Substance abuse and addiction may have been around for as long as the Homo Sapiens species has existed. Experimenting with psycho-active plants, organic compounds, and distillations seems to be part of human nature. Addiction happens naturally with substances that are biologically or chemically habit-forming. However, addiction has become more common in modern humans compared to our distant past due to the introduction of medicines and pharmaceutical drugs. According to one source, drug overdoses kill over 40,000 people per year in the United States. Drug addiction recovery programs were developed for treatment, and these programs grow and evolve as new research is uncovered.
Elements of Recovery
- Detoxification. Depending on the severity of the addiction, patients may require hospitalization and/or supervised drug detoxification. This is the process of letting the drug out of the patient's system. The misery of withdrawal can be lessened by detox medications such as methadone. Hospitalizations could last five days to two weeks.
- Rehabilitation. Once addicts are "clean," or detoxed, their next step is usually a rehabilitation program. These programs are voluntary, unlike hospitalizations. In rehab, addicts will stay in a facility, follow a daily schedule, and learn information and coping skills in both group therapy and one-on-one counseling sessions. There will be no chance of using the addictive substance while in rehab. Treatment programs are typically 90 days or longer.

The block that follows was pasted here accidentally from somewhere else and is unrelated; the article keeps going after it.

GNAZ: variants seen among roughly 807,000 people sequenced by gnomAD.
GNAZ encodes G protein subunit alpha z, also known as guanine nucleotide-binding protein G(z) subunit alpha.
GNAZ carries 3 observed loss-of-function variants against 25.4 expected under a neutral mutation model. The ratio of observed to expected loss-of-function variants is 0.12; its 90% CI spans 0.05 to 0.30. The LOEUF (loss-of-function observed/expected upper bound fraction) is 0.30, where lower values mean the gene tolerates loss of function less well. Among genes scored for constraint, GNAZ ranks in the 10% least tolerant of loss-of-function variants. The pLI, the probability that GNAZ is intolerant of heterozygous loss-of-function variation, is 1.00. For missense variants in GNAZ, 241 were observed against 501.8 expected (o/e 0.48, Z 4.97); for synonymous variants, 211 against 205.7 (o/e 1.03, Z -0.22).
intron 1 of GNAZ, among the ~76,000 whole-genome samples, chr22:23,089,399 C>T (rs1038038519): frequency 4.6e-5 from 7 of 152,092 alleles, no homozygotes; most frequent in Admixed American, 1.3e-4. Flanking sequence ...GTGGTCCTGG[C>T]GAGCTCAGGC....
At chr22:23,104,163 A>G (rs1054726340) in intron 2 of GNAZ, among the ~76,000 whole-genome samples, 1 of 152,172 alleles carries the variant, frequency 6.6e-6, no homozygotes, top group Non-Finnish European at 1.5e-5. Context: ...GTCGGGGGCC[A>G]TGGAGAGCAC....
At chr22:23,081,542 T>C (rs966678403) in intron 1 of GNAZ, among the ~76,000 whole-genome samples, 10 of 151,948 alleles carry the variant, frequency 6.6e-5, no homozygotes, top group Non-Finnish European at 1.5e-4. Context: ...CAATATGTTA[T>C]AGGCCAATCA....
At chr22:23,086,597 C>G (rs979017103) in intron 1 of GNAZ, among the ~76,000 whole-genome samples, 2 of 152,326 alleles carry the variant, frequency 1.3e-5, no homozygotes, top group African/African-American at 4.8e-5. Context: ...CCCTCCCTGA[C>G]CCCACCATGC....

- Recovery Group. After rehab, addicts should join a support group and/or a twelve-step recovery program, which is similar to Alcoholics Anonymous programs. For cases not severe enough to warrant detox or rehab, joining a support group is often the first major step toward recovery. Whether they are informal support groups or more rigid twelve-step recovery meetings, these groups can provide addicts with support, information, insight, motivation, and self-discovery.
- Sponsor. If the addict is part of a twelve-step or sobriety program, he or she may choose to have a sponsor. Your sponsor is someone who once shared your addiction, but has now been clean for a long time, and will support you and hold you accountable as you stay clean from drugs. The addict should have a healthy relationship with his or her sponsor and share personal contact information.
- Therapy. In addition to attending group meetings, people in recovery should also have regular one-on-one meetings with a licensed counselor. Talk therapists can help you with specific issues that you may not have the time or confidence to share about in group. They can also help with any psychological disorders that may co-occur with addiction. With a therapist, you can talk freely and rest assured of confidentiality.
- Other Support. In any kind of recovery, it's helpful to have the emotional support of family, friends, and loved ones. For people of faith, church services or spirituality groups may also prove very beneficial.